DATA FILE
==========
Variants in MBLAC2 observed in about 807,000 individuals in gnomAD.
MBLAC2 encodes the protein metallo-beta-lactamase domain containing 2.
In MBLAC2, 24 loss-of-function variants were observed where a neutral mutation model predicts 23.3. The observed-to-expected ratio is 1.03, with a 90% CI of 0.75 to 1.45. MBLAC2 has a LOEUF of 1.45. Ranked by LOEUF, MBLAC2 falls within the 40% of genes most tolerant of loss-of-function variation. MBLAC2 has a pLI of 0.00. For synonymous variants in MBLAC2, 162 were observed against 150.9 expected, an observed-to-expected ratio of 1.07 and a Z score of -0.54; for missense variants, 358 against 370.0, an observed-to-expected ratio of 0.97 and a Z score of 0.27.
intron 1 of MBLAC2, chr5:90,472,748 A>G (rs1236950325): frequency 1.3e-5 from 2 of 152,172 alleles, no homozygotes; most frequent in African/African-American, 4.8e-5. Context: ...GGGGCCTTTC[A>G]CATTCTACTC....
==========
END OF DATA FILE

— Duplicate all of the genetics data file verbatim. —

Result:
Variants in MBLAC2 observed in about 807,000 individuals in gnomAD.
MBLAC2 encodes the protein metallo-beta-lactamase domain containing 2.
In MBLAC2, 24 loss-of-function variants were observed where a neutral mutation model predicts 23.3. The observed-to-expected ratio is 1.03, with a 90% CI of 0.75 to 1.45. MBLAC2 has a LOEUF of 1.45. Ranked by LOEUF, MBLAC2 falls within the 40% of genes most tolerant of loss-of-function variation. MBLAC2 has a pLI of 0.00. For synonymous variants in MBLAC2, 162 were observed against 150.9 expected, an observed-to-expected ratio of 1.07 and a Z score of -0.54; for missense variants, 358 against 370.0, an observed-to-expected ratio of 0.97 and a Z score of 0.27.
intron 1 of MBLAC2, chr5:90,472,748 A>G (rs1236950325): frequency 1.3e-5 from 2 of 152,172 alleles, no homozygotes; most frequent in African/African-American, 4.8e-5. Context: ...GGGGCCTTTC[A>G]CATTCTACTC....